More Don Brown D: Space Coyote took issue with the assertion that Michigan's D was doing some Spartan D-like things, and went about discussing what Brown's Cover 2 concepts look like, i.e. why it's not really a base "Quarters". This is the upshot:
But at the end of the day, [Brown] is a "multiple" coach, which Michigan has almost always been dating back a long time. This, in and of itself, makes it very different than what MSU and OSU are doing.
The BC playbook that James Light made available that we're all pouring through does have a package called "Spartan" that does some of what MSU does (at right).
But that is page 144 of the playbook, i.e. just a thing they have to bring out against certain opponents or as a changeup, not the base thing. Brown's cover 2 is a kind of read, but it's not that kind of read.
This is all getting away from the more important distinction, which is that Michigan will line up their DL so the "Anchor" (strongside end) is outside the tackle. This widening the front to squeeze the LBs inside is an MSU characteristic too, though unrelated to the coverage system. One of the things it does is keeps the SAM clean so you can play a much lighter and quicker player there (e.g. Peppers). The tradeoff is your middle linebacker had better be good at thumpin' and getting off blocks.
Space Coyote is not your dude of the week, but he’s a Guy.
Worth discussion. Sharik followed up a diary about head injuries with various positive ideas for making football safer. Going to Rugby-style tackling rules and possession arrows for fumbles make paper sense, but it seems tougher to implement than making football men wear girdles, i.e. never going to happen. But making the equipment softer for the guy on the receiving end, especially helmets and shoulder pads, seems…plausible?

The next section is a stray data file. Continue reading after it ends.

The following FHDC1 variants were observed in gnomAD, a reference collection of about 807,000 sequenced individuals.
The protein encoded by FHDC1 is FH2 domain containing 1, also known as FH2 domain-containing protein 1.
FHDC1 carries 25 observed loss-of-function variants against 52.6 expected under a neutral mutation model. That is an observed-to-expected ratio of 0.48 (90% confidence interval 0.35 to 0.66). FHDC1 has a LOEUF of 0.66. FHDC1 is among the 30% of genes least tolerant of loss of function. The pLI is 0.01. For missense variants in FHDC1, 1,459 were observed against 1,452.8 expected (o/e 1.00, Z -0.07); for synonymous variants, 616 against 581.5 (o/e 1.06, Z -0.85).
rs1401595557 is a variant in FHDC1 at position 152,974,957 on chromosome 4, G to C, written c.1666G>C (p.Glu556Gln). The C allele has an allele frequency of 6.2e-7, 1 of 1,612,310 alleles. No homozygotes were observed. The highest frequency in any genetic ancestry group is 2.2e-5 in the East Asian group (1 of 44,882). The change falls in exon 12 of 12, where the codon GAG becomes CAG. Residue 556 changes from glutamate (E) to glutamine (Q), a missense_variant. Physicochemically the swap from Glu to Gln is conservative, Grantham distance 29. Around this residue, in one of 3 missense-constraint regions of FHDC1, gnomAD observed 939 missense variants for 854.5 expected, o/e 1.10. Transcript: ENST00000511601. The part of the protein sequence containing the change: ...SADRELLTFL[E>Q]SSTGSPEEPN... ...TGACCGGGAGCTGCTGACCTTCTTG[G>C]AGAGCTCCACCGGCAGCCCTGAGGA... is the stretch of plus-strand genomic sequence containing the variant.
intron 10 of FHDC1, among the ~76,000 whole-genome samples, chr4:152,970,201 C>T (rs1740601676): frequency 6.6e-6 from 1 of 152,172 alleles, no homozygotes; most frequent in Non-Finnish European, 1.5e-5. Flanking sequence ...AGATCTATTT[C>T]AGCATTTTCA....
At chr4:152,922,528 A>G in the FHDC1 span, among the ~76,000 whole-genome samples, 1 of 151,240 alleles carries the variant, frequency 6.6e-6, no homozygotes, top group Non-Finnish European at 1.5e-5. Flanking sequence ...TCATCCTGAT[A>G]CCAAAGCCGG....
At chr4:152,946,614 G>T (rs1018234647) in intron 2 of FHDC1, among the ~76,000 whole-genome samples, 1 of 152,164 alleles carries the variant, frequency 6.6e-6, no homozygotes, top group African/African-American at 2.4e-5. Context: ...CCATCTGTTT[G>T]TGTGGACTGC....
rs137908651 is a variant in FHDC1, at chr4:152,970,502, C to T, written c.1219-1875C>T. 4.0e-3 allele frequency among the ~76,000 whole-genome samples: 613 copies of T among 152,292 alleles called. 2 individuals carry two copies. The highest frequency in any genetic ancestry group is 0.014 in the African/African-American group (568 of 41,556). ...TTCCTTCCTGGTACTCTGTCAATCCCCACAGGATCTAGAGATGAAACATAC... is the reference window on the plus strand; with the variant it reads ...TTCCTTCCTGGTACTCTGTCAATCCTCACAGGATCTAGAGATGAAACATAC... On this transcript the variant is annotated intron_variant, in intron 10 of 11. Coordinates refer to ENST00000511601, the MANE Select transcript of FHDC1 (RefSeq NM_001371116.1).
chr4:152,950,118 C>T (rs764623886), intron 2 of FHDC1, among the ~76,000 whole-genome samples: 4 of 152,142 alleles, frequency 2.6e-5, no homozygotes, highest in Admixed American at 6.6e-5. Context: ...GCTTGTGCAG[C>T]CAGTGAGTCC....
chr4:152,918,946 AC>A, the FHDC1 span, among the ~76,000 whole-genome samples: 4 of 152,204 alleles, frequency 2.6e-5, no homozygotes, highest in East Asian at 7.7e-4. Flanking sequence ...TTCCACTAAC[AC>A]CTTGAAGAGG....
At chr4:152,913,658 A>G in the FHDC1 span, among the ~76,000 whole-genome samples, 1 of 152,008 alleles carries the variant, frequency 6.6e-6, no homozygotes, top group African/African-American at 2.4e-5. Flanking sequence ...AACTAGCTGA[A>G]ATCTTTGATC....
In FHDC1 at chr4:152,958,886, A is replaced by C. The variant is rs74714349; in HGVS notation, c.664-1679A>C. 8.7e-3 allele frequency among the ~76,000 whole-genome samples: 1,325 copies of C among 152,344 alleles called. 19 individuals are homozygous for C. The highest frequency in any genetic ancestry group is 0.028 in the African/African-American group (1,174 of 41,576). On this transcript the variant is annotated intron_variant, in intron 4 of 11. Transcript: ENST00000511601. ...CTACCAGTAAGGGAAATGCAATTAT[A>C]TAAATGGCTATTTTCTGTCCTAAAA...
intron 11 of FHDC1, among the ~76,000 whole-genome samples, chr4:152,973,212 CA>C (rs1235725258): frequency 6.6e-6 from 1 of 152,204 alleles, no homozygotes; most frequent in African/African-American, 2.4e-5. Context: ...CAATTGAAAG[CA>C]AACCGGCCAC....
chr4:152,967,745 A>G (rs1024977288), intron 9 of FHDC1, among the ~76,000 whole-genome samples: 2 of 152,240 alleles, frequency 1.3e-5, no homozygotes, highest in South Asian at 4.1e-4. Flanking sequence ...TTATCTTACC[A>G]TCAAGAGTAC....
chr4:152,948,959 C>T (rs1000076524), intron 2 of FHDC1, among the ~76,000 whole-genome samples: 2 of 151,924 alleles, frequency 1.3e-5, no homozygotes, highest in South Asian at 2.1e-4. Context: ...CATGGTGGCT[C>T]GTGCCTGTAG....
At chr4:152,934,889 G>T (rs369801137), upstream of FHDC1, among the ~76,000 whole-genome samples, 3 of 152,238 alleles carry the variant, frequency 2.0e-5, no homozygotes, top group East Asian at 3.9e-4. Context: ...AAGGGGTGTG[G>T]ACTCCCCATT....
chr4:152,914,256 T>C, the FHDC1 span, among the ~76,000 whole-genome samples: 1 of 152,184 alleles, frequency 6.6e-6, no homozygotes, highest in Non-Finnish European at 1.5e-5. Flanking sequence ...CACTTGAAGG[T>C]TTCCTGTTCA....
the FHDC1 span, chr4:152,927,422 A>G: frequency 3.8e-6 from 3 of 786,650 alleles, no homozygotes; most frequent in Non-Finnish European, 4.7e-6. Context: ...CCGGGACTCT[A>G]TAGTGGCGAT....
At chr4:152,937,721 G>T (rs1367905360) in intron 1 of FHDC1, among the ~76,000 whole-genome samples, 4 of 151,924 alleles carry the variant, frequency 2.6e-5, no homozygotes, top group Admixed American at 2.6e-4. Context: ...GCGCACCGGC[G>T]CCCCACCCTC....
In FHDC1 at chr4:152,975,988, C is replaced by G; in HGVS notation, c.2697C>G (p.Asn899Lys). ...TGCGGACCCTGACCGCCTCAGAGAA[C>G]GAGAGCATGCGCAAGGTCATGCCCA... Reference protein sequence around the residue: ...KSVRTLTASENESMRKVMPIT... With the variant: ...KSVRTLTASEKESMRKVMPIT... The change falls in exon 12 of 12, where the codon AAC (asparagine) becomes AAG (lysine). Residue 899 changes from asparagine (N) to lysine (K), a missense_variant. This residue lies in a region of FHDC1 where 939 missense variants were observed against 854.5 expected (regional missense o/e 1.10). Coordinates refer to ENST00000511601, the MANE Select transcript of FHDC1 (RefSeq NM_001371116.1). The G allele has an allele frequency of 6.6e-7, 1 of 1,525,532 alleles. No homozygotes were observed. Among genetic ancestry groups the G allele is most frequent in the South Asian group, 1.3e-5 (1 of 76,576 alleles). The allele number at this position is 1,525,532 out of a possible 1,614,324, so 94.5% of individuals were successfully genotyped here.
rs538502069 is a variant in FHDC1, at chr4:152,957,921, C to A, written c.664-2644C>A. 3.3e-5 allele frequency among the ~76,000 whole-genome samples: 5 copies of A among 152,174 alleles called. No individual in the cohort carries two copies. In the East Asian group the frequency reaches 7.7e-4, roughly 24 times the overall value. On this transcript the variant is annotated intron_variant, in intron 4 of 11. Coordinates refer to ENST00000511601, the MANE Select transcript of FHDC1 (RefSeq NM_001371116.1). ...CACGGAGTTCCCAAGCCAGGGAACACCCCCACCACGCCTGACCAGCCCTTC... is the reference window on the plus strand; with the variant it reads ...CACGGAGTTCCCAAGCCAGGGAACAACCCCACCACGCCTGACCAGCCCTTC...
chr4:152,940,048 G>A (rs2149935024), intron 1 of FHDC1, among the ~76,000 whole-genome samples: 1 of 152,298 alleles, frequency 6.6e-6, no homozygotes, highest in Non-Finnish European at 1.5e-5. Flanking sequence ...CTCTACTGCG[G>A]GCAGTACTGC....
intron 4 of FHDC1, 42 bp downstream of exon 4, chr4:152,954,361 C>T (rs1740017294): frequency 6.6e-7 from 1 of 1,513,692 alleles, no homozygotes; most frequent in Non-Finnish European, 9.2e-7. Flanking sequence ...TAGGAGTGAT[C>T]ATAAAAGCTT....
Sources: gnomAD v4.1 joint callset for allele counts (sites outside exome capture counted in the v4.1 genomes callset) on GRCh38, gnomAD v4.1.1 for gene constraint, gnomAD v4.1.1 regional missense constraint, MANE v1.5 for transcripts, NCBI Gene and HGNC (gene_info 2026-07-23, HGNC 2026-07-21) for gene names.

Changeup routes. Docwhoblocked went to Michigan’s recent coaching clinic and was moved to write up what he heard from, so far, three of the sessions he attended. Frank Beamer talked mostly about special teams. Art Briles was in there too but a lot of it was for coaches' ears and thus not that useful to you as a fan. But I found this bit interesting for the irony:
His offensive strategy: Tell the receivers to run as fast as they can and then tell the quarterback to throw it as far as he can.
Ironic because Smart Football last year wrote about how Briles's offense stretches the field diagonally by having receivers *not* run as fast as they can. The defense still has to cover the lollygaggers, which creates more space for whoever's streaking downfield, and sometimes get lulled to sleep by a trotting receiver who then turns on the jets. I bet Harbaugh starts using some lollygagging in his offense soon.
Doc also wrote up the Harbaugh, Harbaugh, and Harbaugh session.
[Hit the jump for a record hockey diaries]
Spring Game Fallout, Part I
The nation's top-ranked center, IMG-by-way-of-NJ four-star Cesar Ruiz, released an ordered top 12 following his visit that features Michigan in a tie at the top with Alabama and UNC. He gave his thoughts on M to TomVH:
“They have done a great job making me feel welcome every time I visit. Every time I’m there I feel home and they make me feel like a part of the family. I have a lot of old friends and old teammates that are going there and I would have an opportunity to play with them. Brad Hawkins and Ron Johnson were teammates and old friends like Rashan Gary, Ahmir Mitchell and Kareem Walker.”
A trip to Alabama is next on the docket. While Ruiz won't be an easy pull with his impressive offer sheet, Michigan has a lot of connections in their favor.
When we were put on commit watch notice over the weekend, many thought that three-star NJ ATH Markquese Bell would be one to drop. While that didn't come to fruition, it sounds like Michigan is ahead of the pack; Bell raved about his visit to Scout's Brian Dohn:
"Everything was great," said Bell, who plays at south Jersey's Bridgeton (N.J.) High. "It was my first time there. I just liked everything about the school. The spring game was awesome. The fans are electric. I wanted to put pads on and go play."
Michigan made a similarly strong first impression on four-star CA C Brett Neilon, who told TMI's Brice Marich he's looking to make a return trip:
Said Neilon, “it’s a place I could see myself at and will be a place I research and look at hard. Yeah, I will try to visit again.”
It'll be tough to pull Neilon out of California, but if a school manages to do it, Michigan looks like the one.
They may be in similar position with four-star NV CB Alex Perry, who told Marich his visit went "great," and Michigan will make his top list whenever he releases one. He plans to return for an official.
[Hit THE JUMP for the rest of the roundup.]